The Humboldt Forum is open: In the heart of Berlin, right across from Museum Island, an exciting new urban space is unfolding step ba step and just waiting to be experienced.
There is movement in the historic centre of the capital: a new cosmopolitan forum for culture, art and science has been created, embedded in the historic cityscape of Museum Island, Berlin Cathedral, Kronprinzenpalais (Crown Prince’s Palace) and the Nikolaiviertel.
Concrete and Baroque
The new Humboldt Forum in Berlin Mitte extends over an area of around 30,000 square metres and is visible from afar. The reconstructed baroque palace façades on the northern, southern and western sides of the Forum shine in bright quince yellow. The eastern side of the Forum on the banks of the Spree is surprising: a modern, smooth exterior façade, with the “Spree balcony” viewing platform in front and a large terrace just above the surface of the water on the riverbank.
The architecture of the Humboldt Forum clearly thrives on a contrasting combination of ultra-modern building elements and the reconstructed sculptural façades of Berlin’s former Baroque palace.
A new place for inspiration, action and exchanging ideas
Schlüterhof, Passage and Spreeterrassen are open
What can visitors expect when they pass through one of the six massive entrance portals?
First of all, two large new city squares, which are open to urban life: the large Schlüterhof and the Passage, a wide colonnaded path that runs right through the building. The experience of the new urban space is accompanied by welcoming greetings on instruments from all continents via sound installations at four portals.
The interiors of the Humboldt Forum will open in stages, starting with the ground floor and first floor on 20 July 2021:
An impressive foyer on the ground floor connects high-rise modern gallery walls with the reconstructed palace portal. This is where the “cosmographer”, a 17-metre-high media tower and quick-change artist, stands: it will not only radiate information, but can transform at any time into a gigantic art and light installation.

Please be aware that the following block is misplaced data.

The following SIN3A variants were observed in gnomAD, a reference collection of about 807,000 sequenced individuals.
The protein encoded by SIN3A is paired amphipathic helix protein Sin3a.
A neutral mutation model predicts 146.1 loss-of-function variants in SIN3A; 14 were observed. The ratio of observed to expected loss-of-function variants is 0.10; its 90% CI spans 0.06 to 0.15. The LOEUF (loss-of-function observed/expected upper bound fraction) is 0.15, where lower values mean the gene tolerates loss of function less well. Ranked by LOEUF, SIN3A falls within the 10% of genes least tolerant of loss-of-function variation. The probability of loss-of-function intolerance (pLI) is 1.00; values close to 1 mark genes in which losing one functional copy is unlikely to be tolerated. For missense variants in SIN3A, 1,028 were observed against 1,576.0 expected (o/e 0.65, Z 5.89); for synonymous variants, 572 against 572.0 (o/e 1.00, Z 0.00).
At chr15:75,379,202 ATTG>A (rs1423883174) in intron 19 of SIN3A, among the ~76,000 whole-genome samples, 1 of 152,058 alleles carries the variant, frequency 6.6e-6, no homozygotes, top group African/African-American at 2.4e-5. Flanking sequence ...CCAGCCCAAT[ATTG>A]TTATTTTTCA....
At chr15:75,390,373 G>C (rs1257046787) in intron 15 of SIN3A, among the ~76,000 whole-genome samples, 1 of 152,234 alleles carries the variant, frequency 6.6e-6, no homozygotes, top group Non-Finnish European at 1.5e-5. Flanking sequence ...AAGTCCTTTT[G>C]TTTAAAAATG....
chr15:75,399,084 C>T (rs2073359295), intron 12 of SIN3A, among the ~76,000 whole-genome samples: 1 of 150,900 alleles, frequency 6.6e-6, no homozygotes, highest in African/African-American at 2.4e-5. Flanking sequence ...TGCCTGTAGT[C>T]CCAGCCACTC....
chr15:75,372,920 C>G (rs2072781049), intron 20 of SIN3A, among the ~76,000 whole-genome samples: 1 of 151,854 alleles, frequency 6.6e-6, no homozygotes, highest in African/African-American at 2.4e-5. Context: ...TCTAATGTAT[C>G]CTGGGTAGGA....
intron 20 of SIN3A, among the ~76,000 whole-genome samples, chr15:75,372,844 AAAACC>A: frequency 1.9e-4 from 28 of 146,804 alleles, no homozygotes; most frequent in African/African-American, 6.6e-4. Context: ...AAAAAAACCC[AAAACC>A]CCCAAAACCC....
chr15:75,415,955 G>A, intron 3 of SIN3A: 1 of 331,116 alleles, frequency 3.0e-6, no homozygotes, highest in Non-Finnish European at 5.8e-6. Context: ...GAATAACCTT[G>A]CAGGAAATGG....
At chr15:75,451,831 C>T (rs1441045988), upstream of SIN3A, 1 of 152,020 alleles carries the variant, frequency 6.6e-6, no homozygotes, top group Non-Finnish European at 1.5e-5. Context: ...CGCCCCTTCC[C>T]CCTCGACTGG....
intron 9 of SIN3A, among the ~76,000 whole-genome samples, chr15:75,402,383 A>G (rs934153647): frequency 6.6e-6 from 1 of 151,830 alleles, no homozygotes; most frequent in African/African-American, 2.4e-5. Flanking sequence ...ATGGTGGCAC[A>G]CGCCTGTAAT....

Visitors will pass through the foyer to reach two special exhibition areas, which will present an interactive children’s exhibition as part of the opening.
Immerse yourself in the history of the site
In the sculpture hall on the ground floor, the original sandstone figures of the castle façades can be viewed close up. And on the southern side of the Humboldt Forum, a 28-metre-long video panorama will be on display, vividly illustrating the historical development of the site – since the earliest dated evidence from the 12th century. Visitors can really immerse themselves in the history of the location in the palace cellar, where the remains of the medieval Dominican monastery and the foundations of the palace have been uncovered.
The Berlin exhibition: Berlin from new perspectives
On the first floor of the completely wheelchair-accessible building, the Berlin exhibition offers a surprising special view of Berlin: And it’s not only global developments that have influenced and shaped Berlin that come into focus here. It also asks what impact Berlin has had on the world and what inspirations emanated from this city – and it does this interactively with the help of its visitors. Imaginative media and the World Studio, where personal experiences are shared, present the city as part of a diverse and globally-networked community.
The Humboldt Laboratory: a living workshop of ideas
Science and cutting-edge research on global challenges – not from a distance, but up close and tangible: the new Humboldt Laboratory, a project of Berlin’s Humboldt University, is a workshop for all those who want to take part in the process of scientific research and discuss global problems and challenges: Climate change, environmental destruction, species extinction and major societal issues. Right at the entrance to the Humboldt Laboratory, visitors are immersed in the world of research via the large model of a school of fish, symbolic of collective intelligence.
From 22 September 2021: around 20,000 art objects from Africa, America, Asia and Oceania
Chinese court art, richly decorated houses from Palau, bronze and ivory reliefs from Benin and stelae from Guatemala: from autumn 2021, aesthetically outstanding exhibits from the 5th millennium B.C. to the present day will be presented on the second and third floors of the Humboldt Forum. They come from the world-renowned collections of the Ethological Museum and the Museum of Asian Art in Berlin.